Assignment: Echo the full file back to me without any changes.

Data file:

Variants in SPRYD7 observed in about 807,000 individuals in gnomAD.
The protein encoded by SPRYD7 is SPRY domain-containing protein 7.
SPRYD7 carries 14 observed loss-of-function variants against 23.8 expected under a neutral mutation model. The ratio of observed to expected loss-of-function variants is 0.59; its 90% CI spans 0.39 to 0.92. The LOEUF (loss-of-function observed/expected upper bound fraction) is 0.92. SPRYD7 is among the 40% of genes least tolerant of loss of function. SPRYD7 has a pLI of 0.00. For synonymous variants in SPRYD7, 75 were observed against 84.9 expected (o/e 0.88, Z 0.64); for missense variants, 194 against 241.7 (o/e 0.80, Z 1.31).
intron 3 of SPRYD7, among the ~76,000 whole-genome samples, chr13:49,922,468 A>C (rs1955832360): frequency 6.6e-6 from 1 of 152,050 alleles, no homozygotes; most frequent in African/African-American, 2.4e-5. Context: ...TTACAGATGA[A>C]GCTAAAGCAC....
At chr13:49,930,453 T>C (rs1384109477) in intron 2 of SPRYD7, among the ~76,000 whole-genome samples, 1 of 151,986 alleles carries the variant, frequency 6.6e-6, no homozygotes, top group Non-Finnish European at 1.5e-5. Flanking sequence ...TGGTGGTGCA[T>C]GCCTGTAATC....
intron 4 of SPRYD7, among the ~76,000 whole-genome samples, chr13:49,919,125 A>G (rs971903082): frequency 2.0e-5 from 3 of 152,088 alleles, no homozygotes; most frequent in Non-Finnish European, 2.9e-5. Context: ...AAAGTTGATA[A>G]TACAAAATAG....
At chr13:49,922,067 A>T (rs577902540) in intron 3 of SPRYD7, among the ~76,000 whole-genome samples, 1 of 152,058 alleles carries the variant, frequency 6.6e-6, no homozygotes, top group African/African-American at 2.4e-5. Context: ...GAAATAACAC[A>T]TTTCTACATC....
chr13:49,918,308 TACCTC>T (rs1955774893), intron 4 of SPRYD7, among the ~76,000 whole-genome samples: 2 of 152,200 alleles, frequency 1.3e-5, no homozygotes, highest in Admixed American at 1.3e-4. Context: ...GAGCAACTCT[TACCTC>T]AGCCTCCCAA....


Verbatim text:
Variants in SPRYD7 observed in about 807,000 individuals in gnomAD.
The protein encoded by SPRYD7 is SPRY domain-containing protein 7.
SPRYD7 carries 14 observed loss-of-function variants against 23.8 expected under a neutral mutation model. The ratio of observed to expected loss-of-function variants is 0.59; its 90% CI spans 0.39 to 0.92. The LOEUF (loss-of-function observed/expected upper bound fraction) is 0.92. SPRYD7 is among the 40% of genes least tolerant of loss of function. SPRYD7 has a pLI of 0.00. For synonymous variants in SPRYD7, 75 were observed against 84.9 expected (o/e 0.88, Z 0.64); for missense variants, 194 against 241.7 (o/e 0.80, Z 1.31).
intron 3 of SPRYD7, among the ~76,000 whole-genome samples, chr13:49,922,468 A>C (rs1955832360): frequency 6.6e-6 from 1 of 152,050 alleles, no homozygotes; most frequent in African/African-American, 2.4e-5. Context: ...TTACAGATGA[A>C]GCTAAAGCAC....
At chr13:49,930,453 T>C (rs1384109477) in intron 2 of SPRYD7, among the ~76,000 whole-genome samples, 1 of 151,986 alleles carries the variant, frequency 6.6e-6, no homozygotes, top group Non-Finnish European at 1.5e-5. Flanking sequence ...TGGTGGTGCA[T>C]GCCTGTAATC....
intron 4 of SPRYD7, among the ~76,000 whole-genome samples, chr13:49,919,125 A>G (rs971903082): frequency 2.0e-5 from 3 of 152,088 alleles, no homozygotes; most frequent in Non-Finnish European, 2.9e-5. Context: ...AAAGTTGATA[A>G]TACAAAATAG....
At chr13:49,922,067 A>T (rs577902540) in intron 3 of SPRYD7, among the ~76,000 whole-genome samples, 1 of 152,058 alleles carries the variant, frequency 6.6e-6, no homozygotes, top group African/African-American at 2.4e-5. Context: ...GAAATAACAC[A>T]TTTCTACATC....
chr13:49,918,308 TACCTC>T (rs1955774893), intron 4 of SPRYD7, among the ~76,000 whole-genome samples: 2 of 152,200 alleles, frequency 1.3e-5, no homozygotes, highest in Admixed American at 1.3e-4. Context: ...GAGCAACTCT[TACCTC>T]AGCCTCCCAA....